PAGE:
The best test for whether this is prudent, or even coherent usage is to take the formula and alter it thusly: “across Asia…” or “across South America…”
To be sure, there are occasionally continent-wide phenomena worth chronicling — witness the European financial crisis. But absent unusual events such as these, the “across____” formulation invites due ridicule, which brings us back to its lazy and commonplace use on the subject of Africa. One wishes to ask why use such vacuous wording?
There was a more immediate source of inspiration for this brief item, though. Yes, I almost forgot.
It was the Washington Post‘s “coverage” of the Congo electoral crisis in today’s paper (link attached). The astute reader will see that it doesn’t come from the Washington Post at all. No. It is an Associated Press article.
I have nothing against the AP, but the last thing the big, and still rich and influential American news outlets need to be doing is outsourcing their coverage of what is already the worst covered part of the world.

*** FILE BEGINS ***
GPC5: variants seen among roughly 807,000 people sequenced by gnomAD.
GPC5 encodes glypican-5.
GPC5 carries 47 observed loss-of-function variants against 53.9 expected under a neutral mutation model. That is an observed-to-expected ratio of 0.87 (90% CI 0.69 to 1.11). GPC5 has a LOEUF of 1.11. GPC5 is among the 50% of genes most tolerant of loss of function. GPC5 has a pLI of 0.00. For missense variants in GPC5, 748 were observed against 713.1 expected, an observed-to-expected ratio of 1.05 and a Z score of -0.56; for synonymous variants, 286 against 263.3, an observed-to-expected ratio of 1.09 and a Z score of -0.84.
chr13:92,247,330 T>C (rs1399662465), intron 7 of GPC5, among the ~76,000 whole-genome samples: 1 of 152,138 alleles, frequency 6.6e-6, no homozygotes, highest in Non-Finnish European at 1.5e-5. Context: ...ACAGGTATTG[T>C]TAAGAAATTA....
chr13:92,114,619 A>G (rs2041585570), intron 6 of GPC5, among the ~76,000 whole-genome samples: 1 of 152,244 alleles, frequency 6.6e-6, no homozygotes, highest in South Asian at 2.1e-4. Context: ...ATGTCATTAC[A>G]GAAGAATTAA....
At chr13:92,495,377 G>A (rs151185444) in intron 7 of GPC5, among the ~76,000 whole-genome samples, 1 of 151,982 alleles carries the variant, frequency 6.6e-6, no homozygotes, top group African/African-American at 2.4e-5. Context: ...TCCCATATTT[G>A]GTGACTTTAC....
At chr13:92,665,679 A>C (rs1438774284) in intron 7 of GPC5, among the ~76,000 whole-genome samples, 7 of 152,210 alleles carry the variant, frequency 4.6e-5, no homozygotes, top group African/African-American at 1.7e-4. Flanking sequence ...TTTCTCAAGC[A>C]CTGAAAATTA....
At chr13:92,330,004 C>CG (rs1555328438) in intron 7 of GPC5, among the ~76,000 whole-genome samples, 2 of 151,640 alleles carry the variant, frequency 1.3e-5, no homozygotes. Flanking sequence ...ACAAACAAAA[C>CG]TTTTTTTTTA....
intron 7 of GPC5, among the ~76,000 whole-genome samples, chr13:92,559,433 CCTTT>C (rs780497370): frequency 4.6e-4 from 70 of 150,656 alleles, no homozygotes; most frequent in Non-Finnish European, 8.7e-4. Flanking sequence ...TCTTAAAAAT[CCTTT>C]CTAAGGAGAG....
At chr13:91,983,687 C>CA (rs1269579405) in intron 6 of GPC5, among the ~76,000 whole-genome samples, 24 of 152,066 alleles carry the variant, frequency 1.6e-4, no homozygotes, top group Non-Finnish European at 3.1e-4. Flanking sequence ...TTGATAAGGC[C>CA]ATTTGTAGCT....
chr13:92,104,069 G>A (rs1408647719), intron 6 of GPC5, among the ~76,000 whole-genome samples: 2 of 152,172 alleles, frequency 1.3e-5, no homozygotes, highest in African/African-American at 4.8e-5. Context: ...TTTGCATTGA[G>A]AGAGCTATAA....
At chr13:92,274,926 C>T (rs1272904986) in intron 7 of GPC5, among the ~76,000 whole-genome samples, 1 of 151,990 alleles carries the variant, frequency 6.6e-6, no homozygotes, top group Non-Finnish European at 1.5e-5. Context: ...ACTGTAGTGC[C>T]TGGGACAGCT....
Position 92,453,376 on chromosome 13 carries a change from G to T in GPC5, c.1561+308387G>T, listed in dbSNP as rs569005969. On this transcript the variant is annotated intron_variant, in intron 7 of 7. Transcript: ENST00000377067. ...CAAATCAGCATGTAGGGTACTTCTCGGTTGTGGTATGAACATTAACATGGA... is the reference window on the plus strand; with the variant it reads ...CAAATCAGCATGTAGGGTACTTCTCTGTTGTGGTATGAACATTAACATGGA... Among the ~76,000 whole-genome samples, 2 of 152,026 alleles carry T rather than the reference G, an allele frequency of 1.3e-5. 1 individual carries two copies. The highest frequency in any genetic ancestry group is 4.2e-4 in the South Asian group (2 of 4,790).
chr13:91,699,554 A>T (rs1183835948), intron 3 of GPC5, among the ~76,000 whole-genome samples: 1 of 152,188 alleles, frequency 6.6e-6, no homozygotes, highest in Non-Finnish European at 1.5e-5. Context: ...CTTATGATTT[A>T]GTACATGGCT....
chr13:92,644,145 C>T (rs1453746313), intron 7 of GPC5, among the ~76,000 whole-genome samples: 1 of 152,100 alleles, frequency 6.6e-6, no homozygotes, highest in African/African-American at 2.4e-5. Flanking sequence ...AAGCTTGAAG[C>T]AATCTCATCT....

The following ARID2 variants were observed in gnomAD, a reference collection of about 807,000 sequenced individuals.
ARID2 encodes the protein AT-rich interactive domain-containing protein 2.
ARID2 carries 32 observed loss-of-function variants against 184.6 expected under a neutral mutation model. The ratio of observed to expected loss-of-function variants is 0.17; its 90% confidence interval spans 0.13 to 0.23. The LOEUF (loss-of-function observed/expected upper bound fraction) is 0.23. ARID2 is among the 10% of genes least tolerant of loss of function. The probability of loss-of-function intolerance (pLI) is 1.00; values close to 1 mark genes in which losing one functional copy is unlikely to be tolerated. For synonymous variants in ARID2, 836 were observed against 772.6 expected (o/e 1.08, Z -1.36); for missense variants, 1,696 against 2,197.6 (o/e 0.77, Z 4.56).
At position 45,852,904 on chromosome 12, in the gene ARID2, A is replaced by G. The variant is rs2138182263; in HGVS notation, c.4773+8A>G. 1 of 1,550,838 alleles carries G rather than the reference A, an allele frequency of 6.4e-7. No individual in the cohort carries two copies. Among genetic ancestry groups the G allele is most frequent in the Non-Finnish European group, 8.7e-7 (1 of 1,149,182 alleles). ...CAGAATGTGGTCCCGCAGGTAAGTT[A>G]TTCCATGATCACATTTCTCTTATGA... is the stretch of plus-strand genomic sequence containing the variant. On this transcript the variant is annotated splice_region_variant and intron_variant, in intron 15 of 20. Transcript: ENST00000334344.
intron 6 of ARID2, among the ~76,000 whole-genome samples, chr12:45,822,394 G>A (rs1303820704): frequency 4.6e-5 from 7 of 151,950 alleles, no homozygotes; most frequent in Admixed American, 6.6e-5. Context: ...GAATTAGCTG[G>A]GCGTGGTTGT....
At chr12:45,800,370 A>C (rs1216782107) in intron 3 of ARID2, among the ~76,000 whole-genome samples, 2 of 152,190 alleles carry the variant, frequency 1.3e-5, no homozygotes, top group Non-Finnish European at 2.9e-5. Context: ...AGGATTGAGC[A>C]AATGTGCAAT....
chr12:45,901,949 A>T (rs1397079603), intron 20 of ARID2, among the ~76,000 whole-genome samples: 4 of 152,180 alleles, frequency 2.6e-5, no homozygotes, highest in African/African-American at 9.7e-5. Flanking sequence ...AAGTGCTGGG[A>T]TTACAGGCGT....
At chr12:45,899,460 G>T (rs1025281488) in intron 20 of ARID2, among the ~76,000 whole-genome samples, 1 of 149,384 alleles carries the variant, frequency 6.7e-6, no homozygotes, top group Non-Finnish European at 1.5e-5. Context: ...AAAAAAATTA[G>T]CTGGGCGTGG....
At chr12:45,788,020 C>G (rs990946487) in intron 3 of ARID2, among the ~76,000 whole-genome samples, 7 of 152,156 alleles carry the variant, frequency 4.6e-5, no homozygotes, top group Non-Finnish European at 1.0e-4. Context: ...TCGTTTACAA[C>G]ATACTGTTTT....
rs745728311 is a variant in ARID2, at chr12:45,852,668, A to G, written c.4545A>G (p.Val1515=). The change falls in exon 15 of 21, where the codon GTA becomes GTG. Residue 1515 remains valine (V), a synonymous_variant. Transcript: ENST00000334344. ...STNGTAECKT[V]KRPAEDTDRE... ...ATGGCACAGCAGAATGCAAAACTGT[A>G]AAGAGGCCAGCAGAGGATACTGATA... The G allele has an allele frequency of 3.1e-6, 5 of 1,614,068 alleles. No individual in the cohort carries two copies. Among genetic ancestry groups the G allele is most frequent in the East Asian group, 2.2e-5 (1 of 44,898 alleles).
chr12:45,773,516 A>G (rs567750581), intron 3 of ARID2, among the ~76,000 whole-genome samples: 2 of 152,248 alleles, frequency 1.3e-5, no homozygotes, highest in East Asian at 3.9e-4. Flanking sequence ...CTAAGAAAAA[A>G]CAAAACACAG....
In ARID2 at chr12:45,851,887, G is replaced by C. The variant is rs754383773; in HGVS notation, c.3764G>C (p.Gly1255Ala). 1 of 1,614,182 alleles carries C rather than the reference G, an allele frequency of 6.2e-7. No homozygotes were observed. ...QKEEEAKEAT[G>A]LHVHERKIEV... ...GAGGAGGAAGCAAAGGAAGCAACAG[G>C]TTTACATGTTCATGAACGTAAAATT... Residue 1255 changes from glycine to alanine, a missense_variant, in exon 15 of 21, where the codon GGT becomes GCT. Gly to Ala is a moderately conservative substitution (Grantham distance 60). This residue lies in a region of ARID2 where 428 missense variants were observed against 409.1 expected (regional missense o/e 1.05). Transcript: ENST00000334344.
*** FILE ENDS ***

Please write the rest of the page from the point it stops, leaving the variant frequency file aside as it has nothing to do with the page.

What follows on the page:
The Post, in fact, has a great tradition of Africa coverage. Many years ago, I got my start as a stringer for them, inspired and mentored by the formidable Leon Dash.
Let me tick off some other names (and this is surely not an exhaustive rundown):
Blaine Harden, Neil Henry, Lynne Duke, Emily Wax, Karl Vick, Doug Farah, Stephanie McCrummen, John Pomfret, Keith Richburg.
There is immense value in the kind of investment that this list implies — value for American media, and value for a news consuming public that has been historically and woefully underserved in terms of African news and analysis.